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Album: Neneh Cherry - The Versions | reviews, news & interviews

Album: Neneh Cherry - The Versions

Album: Neneh Cherry - The Versions

Esoteric set of multi-artist cover versions from the singer's back catalogue

Snapshots of a musical life

Initially, the weird thing about this is it’s being released as a Neneh Cherry album rather than a compilation of artists doing Neneh Cherry covers, which is what it is. That said, awareness slowly grows of a kindred sensibility to recent Neneh Cherry output, the esoteric jazzual spirit that’s imbued her last couple of albums.

The Versions is a crafted, mellow, late night affair containing material different enough from the originals to be interesting, even if it cannot top their cheeky hip hop-pop potency.

Take the version of 1989 cut “Heart” by Los Angeles violinist-singer Sudan Archives, one of the best tracks on the album. The ballsy upbeat rap strut of the original becomes a pared back skitter of claps, percussion, violin and what sounds like thumb piano (or similar African instrument). It successfully reinvents. Not everything is so ear-fascinating. The album also has tendency towards futurist-but-smooth jazz-R&B of the kind favoured by labels such as Tru Thoughts and Gilles Peterson’s Brownswood. This comes to the fore on Cherry’s daughter Tyson’s take on “Sassy” and Swedish singer Seinabo Sey’s pan pipe-touched “Kisses on the Wind”.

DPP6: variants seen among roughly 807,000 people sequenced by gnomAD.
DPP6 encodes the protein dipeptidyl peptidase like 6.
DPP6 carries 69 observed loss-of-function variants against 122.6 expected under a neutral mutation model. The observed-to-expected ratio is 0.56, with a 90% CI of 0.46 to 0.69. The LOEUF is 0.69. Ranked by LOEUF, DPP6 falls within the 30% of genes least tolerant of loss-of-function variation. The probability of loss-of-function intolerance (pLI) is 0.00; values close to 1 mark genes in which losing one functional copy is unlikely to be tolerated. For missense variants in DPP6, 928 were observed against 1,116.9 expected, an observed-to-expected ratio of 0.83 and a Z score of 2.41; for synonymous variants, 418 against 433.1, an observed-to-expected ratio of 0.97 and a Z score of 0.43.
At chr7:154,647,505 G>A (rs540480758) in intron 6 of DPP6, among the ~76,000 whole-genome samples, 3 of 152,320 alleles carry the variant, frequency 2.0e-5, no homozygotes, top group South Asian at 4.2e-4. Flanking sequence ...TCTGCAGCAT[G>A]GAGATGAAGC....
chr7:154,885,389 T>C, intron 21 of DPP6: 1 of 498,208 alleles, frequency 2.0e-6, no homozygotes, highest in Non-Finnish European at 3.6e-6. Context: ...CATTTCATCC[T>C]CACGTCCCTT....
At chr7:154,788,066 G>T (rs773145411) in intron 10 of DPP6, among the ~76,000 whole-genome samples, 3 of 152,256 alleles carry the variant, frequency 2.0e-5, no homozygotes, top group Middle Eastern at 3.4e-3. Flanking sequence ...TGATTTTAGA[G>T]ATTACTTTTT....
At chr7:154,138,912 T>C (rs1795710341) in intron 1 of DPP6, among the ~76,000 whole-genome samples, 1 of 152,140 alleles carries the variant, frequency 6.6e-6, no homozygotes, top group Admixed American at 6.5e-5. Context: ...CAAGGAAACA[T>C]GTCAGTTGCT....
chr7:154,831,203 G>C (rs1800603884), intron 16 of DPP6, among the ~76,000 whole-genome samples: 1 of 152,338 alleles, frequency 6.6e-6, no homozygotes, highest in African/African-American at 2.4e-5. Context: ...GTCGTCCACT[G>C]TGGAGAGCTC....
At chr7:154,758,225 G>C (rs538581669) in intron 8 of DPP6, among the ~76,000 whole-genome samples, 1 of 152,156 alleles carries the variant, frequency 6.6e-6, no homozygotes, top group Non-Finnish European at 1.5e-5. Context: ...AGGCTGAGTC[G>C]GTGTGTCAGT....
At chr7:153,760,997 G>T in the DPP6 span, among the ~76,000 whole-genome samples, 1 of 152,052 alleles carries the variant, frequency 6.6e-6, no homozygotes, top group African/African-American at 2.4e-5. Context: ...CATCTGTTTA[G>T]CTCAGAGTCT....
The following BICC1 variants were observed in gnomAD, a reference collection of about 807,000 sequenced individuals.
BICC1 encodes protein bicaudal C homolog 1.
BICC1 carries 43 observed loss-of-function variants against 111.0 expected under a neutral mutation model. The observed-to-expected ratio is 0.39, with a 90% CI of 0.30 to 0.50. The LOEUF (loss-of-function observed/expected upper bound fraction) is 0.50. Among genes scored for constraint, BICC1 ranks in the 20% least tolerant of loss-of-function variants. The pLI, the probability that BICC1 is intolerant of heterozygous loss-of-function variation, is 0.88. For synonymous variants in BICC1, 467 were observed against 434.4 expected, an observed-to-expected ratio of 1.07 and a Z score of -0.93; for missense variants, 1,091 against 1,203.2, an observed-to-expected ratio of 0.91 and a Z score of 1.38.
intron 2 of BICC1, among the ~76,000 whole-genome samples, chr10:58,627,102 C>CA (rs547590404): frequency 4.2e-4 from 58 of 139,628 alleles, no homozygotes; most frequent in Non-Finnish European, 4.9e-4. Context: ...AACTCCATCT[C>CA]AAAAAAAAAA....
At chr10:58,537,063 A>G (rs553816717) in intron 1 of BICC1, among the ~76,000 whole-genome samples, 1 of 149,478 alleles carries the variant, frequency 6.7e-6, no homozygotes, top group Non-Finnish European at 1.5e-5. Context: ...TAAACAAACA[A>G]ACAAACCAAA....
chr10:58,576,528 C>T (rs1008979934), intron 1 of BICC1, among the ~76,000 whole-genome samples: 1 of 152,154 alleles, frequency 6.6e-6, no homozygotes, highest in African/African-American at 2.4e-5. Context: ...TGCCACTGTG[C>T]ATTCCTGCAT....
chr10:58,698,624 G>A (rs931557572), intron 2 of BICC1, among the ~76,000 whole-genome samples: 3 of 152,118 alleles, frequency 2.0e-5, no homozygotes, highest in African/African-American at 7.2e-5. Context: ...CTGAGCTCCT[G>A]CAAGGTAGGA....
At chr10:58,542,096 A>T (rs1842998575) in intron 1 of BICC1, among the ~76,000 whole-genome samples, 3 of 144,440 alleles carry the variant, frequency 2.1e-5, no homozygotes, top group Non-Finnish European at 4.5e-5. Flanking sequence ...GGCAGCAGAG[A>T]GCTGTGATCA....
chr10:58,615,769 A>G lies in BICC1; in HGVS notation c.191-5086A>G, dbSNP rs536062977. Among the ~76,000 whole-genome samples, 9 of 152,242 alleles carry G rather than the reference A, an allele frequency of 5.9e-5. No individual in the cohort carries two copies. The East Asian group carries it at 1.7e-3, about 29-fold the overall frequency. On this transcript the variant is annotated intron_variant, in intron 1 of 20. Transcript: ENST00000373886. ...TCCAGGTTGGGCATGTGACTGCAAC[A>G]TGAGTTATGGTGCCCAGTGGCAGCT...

More upbeat are Robyn’s “Buffalo Stance” featuring rapping from Mapei, Cherry’s longterm pal Sia’s chunky, likeable take on “Manchild”, and the Massive Attack-ish version of the same by Los Angeles cellist-singer Kelsey Lu. This side of things culminates in Honey Dijon’s closing house remix of “Buddy X”, which does actually feature Cherry’s original vocal.

The Versions is passionately and purposefully girl-powered, as is made lyrically explicit on Anohni’s heartfelt rendering of “Woman”. Other artists on board, not mentioned so far, are Greentea Peng amd Jamila Woods, both of whom acquit themselves well with glitched, spacey alt-R&B jams.

It’s not clear from the information I have who produced this album but, by the end of a few listens, there’s a clear Neneh Cherry “feel” to the whole enterprise, rather than just songs handed out to random names. As such it’s an interesting addition, until she returns with something more substantially hers.

Below: Watch the video for Robyn's version of Neneh Cherry's "Buffalo Stance", featuring Mapei

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